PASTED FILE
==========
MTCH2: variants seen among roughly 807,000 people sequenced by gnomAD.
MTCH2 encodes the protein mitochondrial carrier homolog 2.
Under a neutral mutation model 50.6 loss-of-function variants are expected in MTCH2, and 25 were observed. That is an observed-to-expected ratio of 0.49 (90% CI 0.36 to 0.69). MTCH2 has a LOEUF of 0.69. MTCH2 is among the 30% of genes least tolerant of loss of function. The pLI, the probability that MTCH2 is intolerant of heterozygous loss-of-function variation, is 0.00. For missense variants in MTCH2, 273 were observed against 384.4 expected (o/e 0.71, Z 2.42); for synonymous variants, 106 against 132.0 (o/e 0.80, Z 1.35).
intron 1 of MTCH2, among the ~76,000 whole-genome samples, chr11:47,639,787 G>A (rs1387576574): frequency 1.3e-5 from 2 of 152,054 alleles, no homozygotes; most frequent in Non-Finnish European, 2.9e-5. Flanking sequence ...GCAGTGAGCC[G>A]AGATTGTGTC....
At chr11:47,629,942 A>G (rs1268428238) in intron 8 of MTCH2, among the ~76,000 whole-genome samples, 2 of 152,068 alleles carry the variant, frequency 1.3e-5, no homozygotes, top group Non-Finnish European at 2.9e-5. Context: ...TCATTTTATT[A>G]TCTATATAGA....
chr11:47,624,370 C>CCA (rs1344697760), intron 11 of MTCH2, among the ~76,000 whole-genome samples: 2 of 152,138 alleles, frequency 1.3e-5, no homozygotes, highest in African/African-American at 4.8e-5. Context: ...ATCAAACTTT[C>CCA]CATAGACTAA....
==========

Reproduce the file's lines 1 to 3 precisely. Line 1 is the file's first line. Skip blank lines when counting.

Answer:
MTCH2: variants seen among roughly 807,000 people sequenced by gnomAD.
MTCH2 encodes the protein mitochondrial carrier homolog 2.
Under a neutral mutation model 50.6 loss-of-function variants are expected in MTCH2, and 25 were observed. That is an observed-to-expected ratio of 0.49 (90% CI 0.36 to 0.69). MTCH2 has a LOEUF of 0.69. MTCH2 is among the 30% of genes least tolerant of loss of function. The pLI, the probability that MTCH2 is intolerant of heterozygous loss-of-function variation, is 0.00. For missense variants in MTCH2, 273 were observed against 384.4 expected (o/e 0.71, Z 2.42); for synonymous variants, 106 against 132.0 (o/e 0.80, Z 1.35).